Elon Musk's Next Neuralink Demo Is Coming. Here's How to Watch

Elon Musk’s Next Neuralink Demo Is Coming. Here’s How to Watch

Get ready for an update Wednesday from Neuralink, the Elon Musk-founded startup that’s making implants to directly connect our brains to computers. The company plans a “show and tell” event at which we’ll likely hear about the progress since last year’s “mind Pong” demonstration.

Musk’s long-term ambitions for Neuralink are about as sci-fi as it gets: “With a high-bandwidth brain-machine interface, I think we can … effectively have the option of merging with AI,” he said in 2019.

But for now the company envisions projects like helping people with paralysis to type, and bypassing spinal cord injuries that keep people from walking. That could mean links in the spinal cord, not just in brains. Musk said in an April tweet that “We’re working on bridging broken links between brain & body” to “restore full body functionality.”

Neuralink didn’t comment on what it’ll show Wednesday or exactly when the event will take place. But Musk’s companies typically stream their events online, usually in the evenings in California, so your best bet right now is to check Neuralink’s Twitter feed for schedule information and Neuralink’s YouTube page for the event itself.

Don’t be surprised to hear Musk promising civilization-changing advances. He has some cred when it comes to revolutionary technology, with his electric-vehicle company Tesla profoundly changing cars and his SpaceX outfit transforming space access with reusable rockets. But his reputation as a tech genius has taken a beating with the chaos at Twitter after his $44 billion acquisition.

Neuralink doesn’t look any easier than social networking. Connecting computer hardware to our own wetware comes with enormous technical, regulatory and ethical challenges.

Neuralink isn’t alone in trying to wire us to computers, a field called brain-machine interfaces (BMI) or brain-computer interfaces (BCI). There’s a steady stream of academic interest, and work at companies such as Synchron, Paradromics and BlackRock Neurotech. Some efforts hope to interface digitally with the brain using noninvasive external hardware instead of invasive surgical procedures.

Neuralink progress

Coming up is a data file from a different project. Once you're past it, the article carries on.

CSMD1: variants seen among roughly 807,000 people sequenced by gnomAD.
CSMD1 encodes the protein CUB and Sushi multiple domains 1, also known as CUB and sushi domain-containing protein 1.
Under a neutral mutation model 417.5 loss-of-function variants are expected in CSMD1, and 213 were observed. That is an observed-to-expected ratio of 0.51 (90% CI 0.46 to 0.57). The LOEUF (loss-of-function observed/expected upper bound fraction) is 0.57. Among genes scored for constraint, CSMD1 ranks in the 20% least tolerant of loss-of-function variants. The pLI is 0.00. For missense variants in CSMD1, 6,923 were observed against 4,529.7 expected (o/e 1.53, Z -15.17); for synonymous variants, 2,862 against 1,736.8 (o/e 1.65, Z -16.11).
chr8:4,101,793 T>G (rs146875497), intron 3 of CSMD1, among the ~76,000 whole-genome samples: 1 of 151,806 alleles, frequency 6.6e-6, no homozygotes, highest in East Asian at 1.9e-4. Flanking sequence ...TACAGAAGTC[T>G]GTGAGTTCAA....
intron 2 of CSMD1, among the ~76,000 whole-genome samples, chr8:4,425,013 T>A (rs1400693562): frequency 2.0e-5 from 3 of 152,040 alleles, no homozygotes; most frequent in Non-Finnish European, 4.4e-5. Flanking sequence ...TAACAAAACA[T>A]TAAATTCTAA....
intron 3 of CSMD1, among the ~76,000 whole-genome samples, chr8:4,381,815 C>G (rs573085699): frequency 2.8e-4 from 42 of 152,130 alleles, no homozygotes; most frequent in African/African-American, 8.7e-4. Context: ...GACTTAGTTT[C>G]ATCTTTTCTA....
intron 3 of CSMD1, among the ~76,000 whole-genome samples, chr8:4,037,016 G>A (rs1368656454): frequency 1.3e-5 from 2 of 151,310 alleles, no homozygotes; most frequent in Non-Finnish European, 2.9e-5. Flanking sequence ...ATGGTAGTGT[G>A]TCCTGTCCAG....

Neuralink has made some headway. In 2019, the company debuted its first designs for an implant that would lace 1,024 tiny wires into a patch of brain, listening to the brain cells’ electrical activity and sending its own. In 2020, Neuralink revealed plans for a coin-size, battery-powered N1 chip implant and showed its devices listening in on the brain activity of a snuffling pig. In 2021, Neuralink showed a monkey playing “mind Pong,” controlling the classic video game with its mind.

With mind Pong, Neuralink technology interpreted brain signals that the monkey used to control its hands. So far, we haven’t seen any Neuralink demonstrations of a computer sending signals to a brain.

In 2021, Neuralink raised $205 million from investors including Google, Vy Capital and OpenAI research lab Chief Executive Sam Altman. It’s expanding now, with dozens of job openings in robotics, surgery, programming, materials, veterinary care and manufacturing.

A key part of Neuralink’s approach is a surgical robot designed to drop electrodes into the brain, steering past blood vessels to avoid bleeding.

Another challenge will be human trials. The company’s 2019 plan was to begin human trials in 2020. It’s still working toward that goal, now trying to hire a clinical research coordinator.

Other challenges include interfacing with enough of the brain’s 80 billion or so neurons to be useful and developing implants that don’t degrade or trigger our immune systems to reject them.

So don’t expect to be able to type with your mind or pal around with a superintelligent AI anytime soon. But with all the medical applications and research around the world, don’t dismiss brain-machine interfaces as mere science fiction.

The information contained in this article is for educational and informational purposes only and is not intended as health or medical advice. Always consult a physician or other qualified health provider regarding any questions you may have about a medical condition or health objectives.

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